David Siegel Talks On Legal Action Television Show

In this excerpt from the Legal Action television show, Attorney David Siegel talks about the types of debts that can be eliminated in a Chapter 7 case.  He also covers the fact that student loans are not typically eliminated in bankruptcy.

What type of debts can be eliminated through a Chapter 7 Bankruptcy?

A: David Siegel – Any kind of credit card, medical bill, personal loan, past due utility, auto repossession deficiency, money that was lent to you by a family member or a friend or a payday loan store.  Those are the typical debts that get eliminated in the Chapter 7 without much of a problem.  A problem could come in a case where someone runs up their credit cards in anticipation of filing.  They run up charges, they buy electronics, TV, furniture, electronics, cash advances within 60 days of filing are a no-no.  Because it just looks to the court like an abuse, you know you were going to be filing so you tapped out all your available credit.  The credit card companies about this, they when you filed, then when you charged, and if they feel it was fraudulent they can object, and in that case any of those recent charges would still remain due and owing.


Can I discharge a student loan?

A student loan is non-dischargeable per se.  There are some exceptions; undue hardship, but those are very, very hard to prove.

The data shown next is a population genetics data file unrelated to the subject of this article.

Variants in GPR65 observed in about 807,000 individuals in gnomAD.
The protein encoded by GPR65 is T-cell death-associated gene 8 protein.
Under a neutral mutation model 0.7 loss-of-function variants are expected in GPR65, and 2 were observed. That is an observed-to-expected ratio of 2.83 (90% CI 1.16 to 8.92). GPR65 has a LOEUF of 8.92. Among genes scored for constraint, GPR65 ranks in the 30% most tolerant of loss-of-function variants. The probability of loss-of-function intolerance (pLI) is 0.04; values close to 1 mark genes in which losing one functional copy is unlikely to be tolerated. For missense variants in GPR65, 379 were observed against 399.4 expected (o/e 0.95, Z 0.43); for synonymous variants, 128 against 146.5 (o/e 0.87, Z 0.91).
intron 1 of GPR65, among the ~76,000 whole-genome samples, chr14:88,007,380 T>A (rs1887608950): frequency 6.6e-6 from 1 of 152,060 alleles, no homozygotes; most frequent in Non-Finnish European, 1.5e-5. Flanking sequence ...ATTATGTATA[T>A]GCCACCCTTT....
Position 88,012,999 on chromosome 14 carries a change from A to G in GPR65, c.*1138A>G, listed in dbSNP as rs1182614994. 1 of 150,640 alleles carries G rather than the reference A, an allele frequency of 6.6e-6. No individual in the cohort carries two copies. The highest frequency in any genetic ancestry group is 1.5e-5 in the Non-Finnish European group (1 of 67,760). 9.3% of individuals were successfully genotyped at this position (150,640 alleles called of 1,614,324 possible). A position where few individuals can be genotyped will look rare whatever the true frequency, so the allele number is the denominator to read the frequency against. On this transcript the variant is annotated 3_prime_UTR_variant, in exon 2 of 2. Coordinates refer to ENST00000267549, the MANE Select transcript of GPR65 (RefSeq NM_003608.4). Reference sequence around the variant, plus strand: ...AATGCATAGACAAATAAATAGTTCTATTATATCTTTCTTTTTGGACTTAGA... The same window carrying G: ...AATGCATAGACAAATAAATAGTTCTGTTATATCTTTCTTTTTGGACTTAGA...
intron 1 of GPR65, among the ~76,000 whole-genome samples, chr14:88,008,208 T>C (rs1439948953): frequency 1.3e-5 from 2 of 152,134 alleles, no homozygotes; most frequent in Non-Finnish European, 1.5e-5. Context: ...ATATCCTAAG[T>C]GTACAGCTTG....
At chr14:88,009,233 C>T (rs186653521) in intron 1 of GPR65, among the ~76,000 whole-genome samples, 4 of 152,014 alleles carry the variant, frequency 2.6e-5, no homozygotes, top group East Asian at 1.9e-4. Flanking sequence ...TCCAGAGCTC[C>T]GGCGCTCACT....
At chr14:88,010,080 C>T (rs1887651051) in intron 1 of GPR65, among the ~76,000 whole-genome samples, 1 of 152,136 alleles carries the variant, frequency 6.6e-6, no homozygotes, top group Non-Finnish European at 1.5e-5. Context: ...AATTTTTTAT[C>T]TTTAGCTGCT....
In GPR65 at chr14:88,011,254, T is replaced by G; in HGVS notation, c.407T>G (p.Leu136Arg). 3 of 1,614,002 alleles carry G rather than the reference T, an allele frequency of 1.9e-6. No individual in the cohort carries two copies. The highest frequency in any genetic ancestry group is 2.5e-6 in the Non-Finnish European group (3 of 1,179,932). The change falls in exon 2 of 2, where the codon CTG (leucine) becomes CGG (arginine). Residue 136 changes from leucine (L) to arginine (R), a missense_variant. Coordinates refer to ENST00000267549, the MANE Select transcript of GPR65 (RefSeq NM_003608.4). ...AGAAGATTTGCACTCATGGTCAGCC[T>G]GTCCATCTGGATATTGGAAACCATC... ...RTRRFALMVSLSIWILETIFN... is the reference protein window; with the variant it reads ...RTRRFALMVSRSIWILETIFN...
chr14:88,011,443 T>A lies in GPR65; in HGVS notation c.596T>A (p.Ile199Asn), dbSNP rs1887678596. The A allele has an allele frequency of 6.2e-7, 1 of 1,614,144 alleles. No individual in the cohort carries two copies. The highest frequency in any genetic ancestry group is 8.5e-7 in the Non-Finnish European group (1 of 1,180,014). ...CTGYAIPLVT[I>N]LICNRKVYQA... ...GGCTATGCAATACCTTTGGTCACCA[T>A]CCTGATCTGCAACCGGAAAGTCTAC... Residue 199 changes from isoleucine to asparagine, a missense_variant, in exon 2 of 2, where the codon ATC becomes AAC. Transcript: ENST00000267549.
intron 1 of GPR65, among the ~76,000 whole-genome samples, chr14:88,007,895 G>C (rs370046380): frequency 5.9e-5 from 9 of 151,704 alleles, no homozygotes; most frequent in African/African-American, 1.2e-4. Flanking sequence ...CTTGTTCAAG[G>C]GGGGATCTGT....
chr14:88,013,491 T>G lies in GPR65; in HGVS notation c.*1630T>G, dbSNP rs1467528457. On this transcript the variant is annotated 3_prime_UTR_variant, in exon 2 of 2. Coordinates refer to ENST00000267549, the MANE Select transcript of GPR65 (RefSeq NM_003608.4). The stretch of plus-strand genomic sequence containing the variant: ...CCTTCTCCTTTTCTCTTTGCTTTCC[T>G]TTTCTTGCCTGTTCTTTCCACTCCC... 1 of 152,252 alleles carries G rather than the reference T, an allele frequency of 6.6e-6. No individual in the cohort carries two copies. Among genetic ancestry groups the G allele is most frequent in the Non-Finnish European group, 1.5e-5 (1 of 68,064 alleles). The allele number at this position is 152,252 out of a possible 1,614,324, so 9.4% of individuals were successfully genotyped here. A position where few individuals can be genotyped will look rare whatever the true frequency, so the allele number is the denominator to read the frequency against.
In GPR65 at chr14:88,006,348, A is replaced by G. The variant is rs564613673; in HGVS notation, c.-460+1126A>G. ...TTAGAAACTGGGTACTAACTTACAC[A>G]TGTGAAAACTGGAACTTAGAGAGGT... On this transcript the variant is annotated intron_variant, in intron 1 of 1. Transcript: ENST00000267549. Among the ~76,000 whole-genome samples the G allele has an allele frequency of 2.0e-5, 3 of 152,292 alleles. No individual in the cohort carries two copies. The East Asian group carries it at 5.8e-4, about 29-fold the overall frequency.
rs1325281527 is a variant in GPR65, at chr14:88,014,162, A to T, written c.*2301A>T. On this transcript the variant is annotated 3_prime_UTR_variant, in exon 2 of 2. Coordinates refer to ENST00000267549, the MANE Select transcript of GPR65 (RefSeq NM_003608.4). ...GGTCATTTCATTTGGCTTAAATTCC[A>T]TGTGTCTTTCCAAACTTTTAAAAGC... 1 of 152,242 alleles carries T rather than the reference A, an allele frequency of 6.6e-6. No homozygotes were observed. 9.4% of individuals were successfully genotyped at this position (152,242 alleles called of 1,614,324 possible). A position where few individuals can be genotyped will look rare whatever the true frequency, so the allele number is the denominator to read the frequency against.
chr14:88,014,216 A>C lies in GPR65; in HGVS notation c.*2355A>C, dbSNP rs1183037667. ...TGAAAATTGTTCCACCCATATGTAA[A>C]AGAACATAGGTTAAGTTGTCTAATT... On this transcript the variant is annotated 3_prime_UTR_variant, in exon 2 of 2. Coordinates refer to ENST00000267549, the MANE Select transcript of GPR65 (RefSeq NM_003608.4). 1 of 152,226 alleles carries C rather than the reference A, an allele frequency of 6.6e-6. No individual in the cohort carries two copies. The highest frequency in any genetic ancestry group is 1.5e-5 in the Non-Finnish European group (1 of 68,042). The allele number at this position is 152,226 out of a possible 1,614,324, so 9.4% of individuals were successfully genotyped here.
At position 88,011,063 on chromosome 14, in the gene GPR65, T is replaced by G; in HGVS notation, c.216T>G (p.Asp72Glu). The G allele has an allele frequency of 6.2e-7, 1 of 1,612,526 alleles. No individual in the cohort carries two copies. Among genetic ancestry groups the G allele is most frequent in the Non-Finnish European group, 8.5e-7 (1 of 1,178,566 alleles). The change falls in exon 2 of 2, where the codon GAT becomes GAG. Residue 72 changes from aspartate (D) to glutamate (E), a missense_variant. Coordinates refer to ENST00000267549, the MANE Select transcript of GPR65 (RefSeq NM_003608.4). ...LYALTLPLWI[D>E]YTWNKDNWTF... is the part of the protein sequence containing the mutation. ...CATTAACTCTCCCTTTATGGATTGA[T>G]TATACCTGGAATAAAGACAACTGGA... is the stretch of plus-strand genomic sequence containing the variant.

Q: “My understanding is you have to be in very sad, sad shape, and that you’re not able to work at all, really.  I’m not talking about a bad back here, I’m talking about being completely disabled.”

A: David Siegel:  Right.  The student loan situation is just what you said.  If you have the ability to repay it to any extent at all then you’re going to have to repay it.

What happens if I have the student loan and I use my credit card to pay back the student loan?

 David Siegel:  The credit card company could object, because that debt that you incurred was used to pay a non-dischargeable debt.  The same thing would be if you paid for non-dischargeable taxes with a cash advance that you took out on a credit card.  You can’t abuse the credit cards.  If in any ordinary course of life if you ran up a debt that’s one thing, but if you abuse it, run it up at the last minute, take out a huge cash advance, do something that tantamount to fraud, plan on that sticking around.  If you do enough fraud they can deny your whole bankruptcy, which is basically the death sentence.  That means you could never eliminate those debts through a bankruptcy ever for as long as you live.


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